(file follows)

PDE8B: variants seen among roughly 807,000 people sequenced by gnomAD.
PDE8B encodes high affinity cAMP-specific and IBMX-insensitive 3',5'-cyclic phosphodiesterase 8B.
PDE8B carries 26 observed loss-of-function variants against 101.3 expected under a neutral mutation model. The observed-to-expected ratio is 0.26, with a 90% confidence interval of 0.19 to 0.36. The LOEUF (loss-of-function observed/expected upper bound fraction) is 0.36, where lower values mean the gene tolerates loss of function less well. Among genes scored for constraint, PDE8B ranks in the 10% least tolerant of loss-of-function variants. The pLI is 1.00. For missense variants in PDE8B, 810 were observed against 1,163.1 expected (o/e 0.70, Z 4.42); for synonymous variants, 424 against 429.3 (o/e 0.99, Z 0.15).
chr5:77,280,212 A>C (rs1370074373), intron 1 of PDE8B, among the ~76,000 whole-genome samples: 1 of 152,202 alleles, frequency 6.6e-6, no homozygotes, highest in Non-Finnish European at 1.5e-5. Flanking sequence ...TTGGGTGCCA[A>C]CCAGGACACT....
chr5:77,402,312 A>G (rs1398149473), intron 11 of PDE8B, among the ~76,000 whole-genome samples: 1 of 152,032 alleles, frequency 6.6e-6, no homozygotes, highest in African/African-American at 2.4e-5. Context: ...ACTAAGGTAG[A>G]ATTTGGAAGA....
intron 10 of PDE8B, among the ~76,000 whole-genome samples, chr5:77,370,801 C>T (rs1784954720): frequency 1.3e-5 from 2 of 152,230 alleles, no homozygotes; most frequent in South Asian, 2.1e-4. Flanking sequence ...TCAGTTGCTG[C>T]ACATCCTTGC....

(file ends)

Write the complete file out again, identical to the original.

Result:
PDE8B: variants seen among roughly 807,000 people sequenced by gnomAD.
PDE8B encodes high affinity cAMP-specific and IBMX-insensitive 3',5'-cyclic phosphodiesterase 8B.
PDE8B carries 26 observed loss-of-function variants against 101.3 expected under a neutral mutation model. The observed-to-expected ratio is 0.26, with a 90% confidence interval of 0.19 to 0.36. The LOEUF (loss-of-function observed/expected upper bound fraction) is 0.36, where lower values mean the gene tolerates loss of function less well. Among genes scored for constraint, PDE8B ranks in the 10% least tolerant of loss-of-function variants. The pLI is 1.00. For missense variants in PDE8B, 810 were observed against 1,163.1 expected (o/e 0.70, Z 4.42); for synonymous variants, 424 against 429.3 (o/e 0.99, Z 0.15).
chr5:77,280,212 A>C (rs1370074373), intron 1 of PDE8B, among the ~76,000 whole-genome samples: 1 of 152,202 alleles, frequency 6.6e-6, no homozygotes, highest in Non-Finnish European at 1.5e-5. Flanking sequence ...TTGGGTGCCA[A>C]CCAGGACACT....
chr5:77,402,312 A>G (rs1398149473), intron 11 of PDE8B, among the ~76,000 whole-genome samples: 1 of 152,032 alleles, frequency 6.6e-6, no homozygotes, highest in African/African-American at 2.4e-5. Context: ...ACTAAGGTAG[A>G]ATTTGGAAGA....
intron 10 of PDE8B, among the ~76,000 whole-genome samples, chr5:77,370,801 C>T (rs1784954720): frequency 1.3e-5 from 2 of 152,230 alleles, no homozygotes; most frequent in South Asian, 2.1e-4. Flanking sequence ...TCAGTTGCTG[C>T]ACATCCTTGC....